Announcement

Collapse

Welcome to Moorcock's Miscellany

Dear reader,

Many people have given their valuable time to create a website for the pleasure of posing questions to Michael Moorcock, meeting people from around the world, and mining the site for information. Please follow one of the links above to learn more about the site.

Thank you,
Reinart der Fuchs
See more
See less

Simenon and Maigret

Collapse
X
 
  • Filter
  • Time
  • Show
Clear All
new posts
  • Pietro_Mercurios
    Eternal Champion
    • Oct 2004
    • 5796

    #46
    Last week, I finished, Maigret en het Lijk aan de Kerkdeur and then read, Getuige Maigret. The former from near the start of Inspector Maigret's career, the latter several decades later as the commissioner is looking towards retirement. One a tale of one on one detective work, the other a mix of court room drama and police procedural.

    This week, I watched Maigret en Finlande, a nice period piece. Very enjoyable, but not a match for the books.

    Comment

    • Jagged
      A confused voice within
      • Mar 2004
      • 760

      #47
      Originally posted by fammann View Post
      I haven't read a maigret book. Can anyone recomend me one to start.
      I'd say, with any of the regular books. I myself made the mistake of starting with a special, "My Friend Maigret", which is intended for insiders. Otherwise, you can start almost anywhere, like with Sherlock Holmes or Sexton Blake.
      "If the environment were a bank, we would already have saved it." -Graffitti.

      Comment

      • Pietro_Mercurios
        Eternal Champion
        • Oct 2004
        • 5796

        #48
        Finished Maigret en de Maniak van Monmartre (aka Maigret tend un piége, aka Maigret Lays a Trap). Very good police procedural from the Fifities.

        Maigret hunts a serial killer. Some nice groundwork laid as Maigret takes an after-dinner conversation to heart, devising an unorthodox and risky route to catching a killer.

        It's been made into a film and televised, several times. I watched the Bruno Cremer version and enjoyed it, although the police HQ was scuffier than I'd envisioned it and there were a few minor changes to compress things into a tv film and simplify the backstory. The paperback is definitely the superior article in terms of enjoyment, or jouissance, as Roland Barthes would have it.

        There's a Jean Gabin film version from 1957 out there. His first attempt at the role. His second, L'Affaire Saint Fiacre, was pretty much an old country house murder mystery, this story is much more 87th Precinct. Definitely much more Jean Gabin's sort of turf. Thinking seriously of tracking down a copy.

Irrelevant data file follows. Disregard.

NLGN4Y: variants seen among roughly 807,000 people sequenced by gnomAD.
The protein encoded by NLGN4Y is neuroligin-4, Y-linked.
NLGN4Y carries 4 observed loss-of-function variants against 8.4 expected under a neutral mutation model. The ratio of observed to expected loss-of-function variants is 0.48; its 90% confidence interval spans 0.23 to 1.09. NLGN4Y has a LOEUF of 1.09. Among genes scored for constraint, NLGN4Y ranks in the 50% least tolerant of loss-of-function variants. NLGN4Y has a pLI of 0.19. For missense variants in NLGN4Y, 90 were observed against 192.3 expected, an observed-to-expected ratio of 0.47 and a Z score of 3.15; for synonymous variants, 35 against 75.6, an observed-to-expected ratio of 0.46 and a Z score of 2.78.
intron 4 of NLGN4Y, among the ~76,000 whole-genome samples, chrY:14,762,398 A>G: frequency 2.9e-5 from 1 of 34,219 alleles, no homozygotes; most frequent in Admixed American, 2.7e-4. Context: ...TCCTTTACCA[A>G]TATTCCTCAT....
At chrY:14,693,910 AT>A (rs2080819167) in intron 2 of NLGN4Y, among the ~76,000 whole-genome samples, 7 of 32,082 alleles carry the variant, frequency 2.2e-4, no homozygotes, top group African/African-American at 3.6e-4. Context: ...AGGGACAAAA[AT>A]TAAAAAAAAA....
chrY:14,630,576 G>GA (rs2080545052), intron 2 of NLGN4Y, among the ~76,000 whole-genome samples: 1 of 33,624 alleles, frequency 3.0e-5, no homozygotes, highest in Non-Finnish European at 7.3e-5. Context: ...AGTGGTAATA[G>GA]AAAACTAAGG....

Incidently, of the two proposed tv-films, starring Rowan Atkinson as Maigret, one will be a new version of, Maigret Sets A Trap.

        Hope I can get a look at the Jean Gabin version first.

        Comment

        • GuyLawley
          Champion of the Balance
          • Aug 2004
          • 1479

          #49
          Thanks for that, which I didn't know.
          I'd also like to see the Gabin film.

          In the US it was known as "Inspector Maigret" then also released as "Woman Bait" !!
          Attached Files

          Comment

          • Pietro_Mercurios
            Eternal Champion
            • Oct 2004
            • 5796

            #50
            Originally posted by GuyLawley View Post
            Thanks for that, which I didn't know.
            I'd also like to see the Gabin film.

            In the US it was known as "Inspector Maigret" then also released as "Woman Bait" !!
            Wow!

            Oh! Those French... so saucy! Whilst still containing a grain of truth, that poster's about as far from the plot of the novel as is possible to imagine.

            Comment

            • Pietro_Mercurios
              Eternal Champion
              • Oct 2004
              • 5796

              #51
              Went to a comic strip meet at the weekend, came away with a scruffy, but highly readable copy of Maigret en Zijn Dode (Maigret et Son Mort). Number one in a series.

              Comment

              • Michael Moorcock
                Site Host
                • Dec 2003
                • 14278

                #52
                Have I recommended the brilliant new Penguin translations ?
                Read and enjoyed Sinclair's London Overground. This is his own art form, in some ways riffing off Jack Trevor Story and J.G.Ballard. As usual he walks around a method of public transport. This time it's The Ginger Line London's latest suburban rail link. Much needed. Digressions on friends including Carter, Ballard, Tennant and self. Lively as ever. Out soon !!!